Upon hearing that he rejected an invitation to appear at this year’s Durham Book Festival, any student might be forgiven for taking a dim view of Solar, the latest offering from the English literary heavyweight Ian McEwan. His own act is a tough one to follow – eleven novels of diverse focus and subject matter, but unvarying success. The question with McEwan isn’t really “Is it good?”, but rather “Is it as good?” as the Booker-winning Amsterdam (1998), the haunting The Child In Time (1987), or the eloquently brilliant Atonement (2001), to list the finest examples of his work. In Solar’s case, the answer is unfortunately (and completely objectively) a simple but emphatic “No”.
The one word which best describes this literary attempt to tackle the hot topic of climate change is ‘admirable’. McEwan has for some time shown a strong interest in science as a subject for his fiction – for his ninth novel Saturday (2005) he spent the best part of two years’ research looking into the finer points of neurobiology. Yet there is a sense with Solar that perhaps this great author has spent altogether too much time in the company of scientists. Faced with the problem of writing about climate change without seeming simply to preach a cautionary tale, he has done his calculations, thrown in the appropriate variables, and come out with an answer that is, regrettably, a bit too formulaic.
McEwan’s main character, Nobel laureate Professor Michael Beard, is shown at three different points in his life – in 2000, 2005, and 2009, in the novel’s three Parts. Yet throughout he is a greedy, well-off, inconsiderate, lazy, solipsistic womaniser. One scientist/reviewer, who helped McEwan with his research for the novel, views Beard as: ‘Actually quite unlike any scientist I know, but certainly less boring than the most of us.’ This in itself isn’t the problem with the novel – it is generically a satire, and many of the best satirical works see thoroughly unlikeable characters receiving their ‘comeuppance’. But the mechanics behind Beard’s route through the novel are just a little too evident – from an unfortunate Arctic incident involving a male appendage and an iceberg (and they say Freud is clichéd), to a rival (both scientific and romantic!) being killed by a collision with a coffee table after tripping on a polar-bear rug (seriously?). The main symbolism of the novel – Beard’s constant physical ‘sickness’ mirroring the condition of the planet, and his own greed and amorality representing that of a public unwilling to change – aren’t exactly buried deep within the narrative. As readers we might appreciate the literary flair of such an eminent artist – if only he didn’t make it quite so obvious.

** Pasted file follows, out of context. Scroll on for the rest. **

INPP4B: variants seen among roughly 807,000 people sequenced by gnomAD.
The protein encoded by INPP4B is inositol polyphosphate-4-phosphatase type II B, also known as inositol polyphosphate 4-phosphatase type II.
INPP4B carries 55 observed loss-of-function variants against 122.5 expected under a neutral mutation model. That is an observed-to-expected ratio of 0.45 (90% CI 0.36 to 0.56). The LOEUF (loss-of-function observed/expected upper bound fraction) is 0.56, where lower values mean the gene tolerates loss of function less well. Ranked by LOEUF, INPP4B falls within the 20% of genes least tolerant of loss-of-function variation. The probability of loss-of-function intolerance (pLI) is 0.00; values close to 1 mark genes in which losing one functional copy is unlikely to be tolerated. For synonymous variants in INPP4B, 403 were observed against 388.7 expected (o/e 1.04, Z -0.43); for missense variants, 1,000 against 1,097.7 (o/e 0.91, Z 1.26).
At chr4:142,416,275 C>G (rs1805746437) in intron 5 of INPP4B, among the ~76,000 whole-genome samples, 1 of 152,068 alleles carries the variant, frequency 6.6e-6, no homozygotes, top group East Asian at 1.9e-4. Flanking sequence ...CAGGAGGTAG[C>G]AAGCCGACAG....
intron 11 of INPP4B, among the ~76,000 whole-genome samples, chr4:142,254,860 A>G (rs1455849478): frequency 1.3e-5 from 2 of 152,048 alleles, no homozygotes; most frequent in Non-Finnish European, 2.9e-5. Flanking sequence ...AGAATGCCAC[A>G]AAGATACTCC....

By the time Professor Beard’s fall is complete – a swift shift from potential global saviour to a man bankrupt, despised, and chased by his angry lovers – the emotion wrought, at least in this reader, is one of mere indifference. The novel simply does not engage the reader on an emotional level – we are impressed by how it is put together, but are not made to care about its protagonists.
Solar is never going to make it as a literary classic. Yet it really is admirable for the attention it draws to the very real issue of climate change. It could be argued that McEwan has gone soft since the shocks of his early work, but for his fans there is still much here to recommend. If you’re new to McEwan, however, I would suggest starting elsewhere.